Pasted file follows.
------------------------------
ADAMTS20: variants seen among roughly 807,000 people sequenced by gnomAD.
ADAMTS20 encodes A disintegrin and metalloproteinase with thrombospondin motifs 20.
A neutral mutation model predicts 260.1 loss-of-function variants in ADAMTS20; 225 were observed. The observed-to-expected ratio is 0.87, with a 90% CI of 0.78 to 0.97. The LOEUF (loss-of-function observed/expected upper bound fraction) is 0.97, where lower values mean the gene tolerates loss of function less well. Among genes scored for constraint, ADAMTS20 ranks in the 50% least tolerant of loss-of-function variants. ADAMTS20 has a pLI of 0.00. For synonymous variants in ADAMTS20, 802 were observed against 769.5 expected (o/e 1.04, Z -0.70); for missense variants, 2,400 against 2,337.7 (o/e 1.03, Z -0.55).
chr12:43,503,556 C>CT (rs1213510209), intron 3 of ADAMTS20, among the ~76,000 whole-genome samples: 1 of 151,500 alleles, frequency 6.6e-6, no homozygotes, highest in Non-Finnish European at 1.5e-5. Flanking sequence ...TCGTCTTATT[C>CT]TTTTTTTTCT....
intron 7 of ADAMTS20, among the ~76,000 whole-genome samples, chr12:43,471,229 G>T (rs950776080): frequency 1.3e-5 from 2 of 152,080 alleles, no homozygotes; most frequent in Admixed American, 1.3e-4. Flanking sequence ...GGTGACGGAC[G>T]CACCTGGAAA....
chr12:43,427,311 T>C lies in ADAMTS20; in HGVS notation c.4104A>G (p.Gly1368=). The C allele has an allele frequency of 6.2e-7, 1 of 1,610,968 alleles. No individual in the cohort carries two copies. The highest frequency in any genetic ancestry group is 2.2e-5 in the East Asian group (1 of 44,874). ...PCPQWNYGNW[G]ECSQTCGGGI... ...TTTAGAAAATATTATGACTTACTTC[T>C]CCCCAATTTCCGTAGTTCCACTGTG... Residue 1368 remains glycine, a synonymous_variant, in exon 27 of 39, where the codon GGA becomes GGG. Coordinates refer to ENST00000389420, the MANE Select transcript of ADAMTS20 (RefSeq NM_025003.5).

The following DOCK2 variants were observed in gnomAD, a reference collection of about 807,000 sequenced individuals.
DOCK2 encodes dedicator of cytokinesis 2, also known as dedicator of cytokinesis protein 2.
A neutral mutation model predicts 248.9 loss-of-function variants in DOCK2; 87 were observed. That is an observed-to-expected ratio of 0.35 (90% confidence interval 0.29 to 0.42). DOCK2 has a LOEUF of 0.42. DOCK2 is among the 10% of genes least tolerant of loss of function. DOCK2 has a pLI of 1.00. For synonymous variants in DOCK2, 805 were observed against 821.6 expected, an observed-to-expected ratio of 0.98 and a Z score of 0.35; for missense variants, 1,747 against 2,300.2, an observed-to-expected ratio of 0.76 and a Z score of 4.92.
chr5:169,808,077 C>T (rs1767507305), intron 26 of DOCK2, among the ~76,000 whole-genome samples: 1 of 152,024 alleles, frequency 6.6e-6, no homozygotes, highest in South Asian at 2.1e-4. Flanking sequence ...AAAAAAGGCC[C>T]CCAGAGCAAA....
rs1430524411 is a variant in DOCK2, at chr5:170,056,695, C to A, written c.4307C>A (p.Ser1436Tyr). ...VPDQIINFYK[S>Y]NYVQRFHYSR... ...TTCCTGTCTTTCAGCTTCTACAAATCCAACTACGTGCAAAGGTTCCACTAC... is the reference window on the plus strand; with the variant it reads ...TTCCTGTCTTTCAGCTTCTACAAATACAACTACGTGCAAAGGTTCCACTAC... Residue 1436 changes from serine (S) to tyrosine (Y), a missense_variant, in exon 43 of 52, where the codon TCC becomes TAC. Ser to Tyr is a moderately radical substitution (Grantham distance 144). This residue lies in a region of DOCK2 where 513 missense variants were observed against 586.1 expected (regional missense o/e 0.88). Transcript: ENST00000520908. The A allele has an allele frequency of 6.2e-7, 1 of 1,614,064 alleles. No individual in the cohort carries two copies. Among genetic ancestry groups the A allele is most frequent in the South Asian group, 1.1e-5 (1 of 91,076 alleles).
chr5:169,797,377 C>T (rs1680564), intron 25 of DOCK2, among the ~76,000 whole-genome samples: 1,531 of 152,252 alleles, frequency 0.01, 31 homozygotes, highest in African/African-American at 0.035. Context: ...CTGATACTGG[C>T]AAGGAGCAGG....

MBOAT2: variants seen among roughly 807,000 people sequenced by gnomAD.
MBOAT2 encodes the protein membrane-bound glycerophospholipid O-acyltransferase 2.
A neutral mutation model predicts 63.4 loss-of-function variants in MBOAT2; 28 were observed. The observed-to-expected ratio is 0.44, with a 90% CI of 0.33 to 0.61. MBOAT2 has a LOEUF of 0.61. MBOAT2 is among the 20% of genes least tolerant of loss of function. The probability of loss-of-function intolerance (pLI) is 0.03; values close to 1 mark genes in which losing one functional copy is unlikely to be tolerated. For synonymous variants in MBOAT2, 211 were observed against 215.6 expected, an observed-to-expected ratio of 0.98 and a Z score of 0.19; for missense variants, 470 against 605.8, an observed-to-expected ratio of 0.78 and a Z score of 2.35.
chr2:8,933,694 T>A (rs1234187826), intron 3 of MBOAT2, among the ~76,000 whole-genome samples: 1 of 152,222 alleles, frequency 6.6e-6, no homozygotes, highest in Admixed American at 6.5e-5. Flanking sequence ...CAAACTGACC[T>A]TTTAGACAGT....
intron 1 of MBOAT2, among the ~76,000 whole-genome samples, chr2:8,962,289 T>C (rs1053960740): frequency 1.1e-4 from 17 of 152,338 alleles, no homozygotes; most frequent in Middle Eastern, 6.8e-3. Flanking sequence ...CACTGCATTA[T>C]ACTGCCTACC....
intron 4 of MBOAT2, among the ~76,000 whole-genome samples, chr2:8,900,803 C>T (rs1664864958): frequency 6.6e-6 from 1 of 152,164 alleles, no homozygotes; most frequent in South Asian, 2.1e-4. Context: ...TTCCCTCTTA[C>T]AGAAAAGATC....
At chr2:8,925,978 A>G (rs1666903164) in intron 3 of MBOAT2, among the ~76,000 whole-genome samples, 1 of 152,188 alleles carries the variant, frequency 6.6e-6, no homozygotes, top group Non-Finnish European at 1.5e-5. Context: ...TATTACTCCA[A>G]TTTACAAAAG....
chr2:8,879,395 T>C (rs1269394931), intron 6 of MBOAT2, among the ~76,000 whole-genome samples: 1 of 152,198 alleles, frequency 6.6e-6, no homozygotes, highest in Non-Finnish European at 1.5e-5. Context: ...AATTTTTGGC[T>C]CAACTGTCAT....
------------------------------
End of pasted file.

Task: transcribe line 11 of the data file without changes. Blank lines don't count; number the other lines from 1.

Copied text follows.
rs1430524411 is a variant in DOCK2, at chr5:170,056,695, C to A, written c.4307C>A (p.Ser1436Tyr). ...VPDQIINFYK[S>Y]NYVQRFHYSR... ...TTCCTGTCTTTCAGCTTCTACAAATCCAACTACGTGCAAAGGTTCCACTAC... is the reference window on the plus strand; with the variant it reads ...TTCCTGTCTTTCAGCTTCTACAAATACAACTACGTGCAAAGGTTCCACTAC... Residue 1436 changes from serine (S) to tyrosine (Y), a missense_variant, in exon 43 of 52, where the codon TCC becomes TAC. Ser to Tyr is a moderately radical substitution (Grantham distance 144). This residue lies in a region of DOCK2 where 513 missense variants were observed against 586.1 expected (regional missense o/e 0.88). Transcript: ENST00000520908. The A allele has an allele frequency of 6.2e-7, 1 of 1,614,064 alleles. No individual in the cohort carries two copies. Among genetic ancestry groups the A allele is most frequent in the South Asian group, 1.1e-5 (1 of 91,076 alleles).